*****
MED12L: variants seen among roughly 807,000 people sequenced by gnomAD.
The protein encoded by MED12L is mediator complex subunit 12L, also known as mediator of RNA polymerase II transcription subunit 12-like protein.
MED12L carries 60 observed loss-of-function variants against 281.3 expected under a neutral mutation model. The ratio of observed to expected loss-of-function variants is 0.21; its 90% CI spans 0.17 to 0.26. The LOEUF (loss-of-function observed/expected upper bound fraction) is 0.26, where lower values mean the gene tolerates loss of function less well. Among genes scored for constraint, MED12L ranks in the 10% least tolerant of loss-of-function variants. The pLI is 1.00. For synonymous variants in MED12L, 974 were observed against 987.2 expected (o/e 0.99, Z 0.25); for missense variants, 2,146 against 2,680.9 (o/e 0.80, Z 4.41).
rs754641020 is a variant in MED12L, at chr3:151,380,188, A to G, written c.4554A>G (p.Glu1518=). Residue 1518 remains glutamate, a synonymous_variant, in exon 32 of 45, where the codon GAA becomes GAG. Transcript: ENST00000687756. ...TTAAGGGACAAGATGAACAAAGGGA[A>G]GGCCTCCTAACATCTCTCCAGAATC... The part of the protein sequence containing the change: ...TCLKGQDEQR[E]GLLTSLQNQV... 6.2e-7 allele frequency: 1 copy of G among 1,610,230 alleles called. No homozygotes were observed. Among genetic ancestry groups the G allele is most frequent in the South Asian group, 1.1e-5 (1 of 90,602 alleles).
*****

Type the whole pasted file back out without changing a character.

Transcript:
MED12L: variants seen among roughly 807,000 people sequenced by gnomAD.
The protein encoded by MED12L is mediator complex subunit 12L, also known as mediator of RNA polymerase II transcription subunit 12-like protein.
MED12L carries 60 observed loss-of-function variants against 281.3 expected under a neutral mutation model. The ratio of observed to expected loss-of-function variants is 0.21; its 90% CI spans 0.17 to 0.26. The LOEUF (loss-of-function observed/expected upper bound fraction) is 0.26, where lower values mean the gene tolerates loss of function less well. Among genes scored for constraint, MED12L ranks in the 10% least tolerant of loss-of-function variants. The pLI is 1.00. For synonymous variants in MED12L, 974 were observed against 987.2 expected (o/e 0.99, Z 0.25); for missense variants, 2,146 against 2,680.9 (o/e 0.80, Z 4.41).
rs754641020 is a variant in MED12L, at chr3:151,380,188, A to G, written c.4554A>G (p.Glu1518=). Residue 1518 remains glutamate, a synonymous_variant, in exon 32 of 45, where the codon GAA becomes GAG. Transcript: ENST00000687756. ...TTAAGGGACAAGATGAACAAAGGGA[A>G]GGCCTCCTAACATCTCTCCAGAATC... The part of the protein sequence containing the change: ...TCLKGQDEQR[E]GLLTSLQNQV... 6.2e-7 allele frequency: 1 copy of G among 1,610,230 alleles called. No homozygotes were observed. Among genetic ancestry groups the G allele is most frequent in the South Asian group, 1.1e-5 (1 of 90,602 alleles).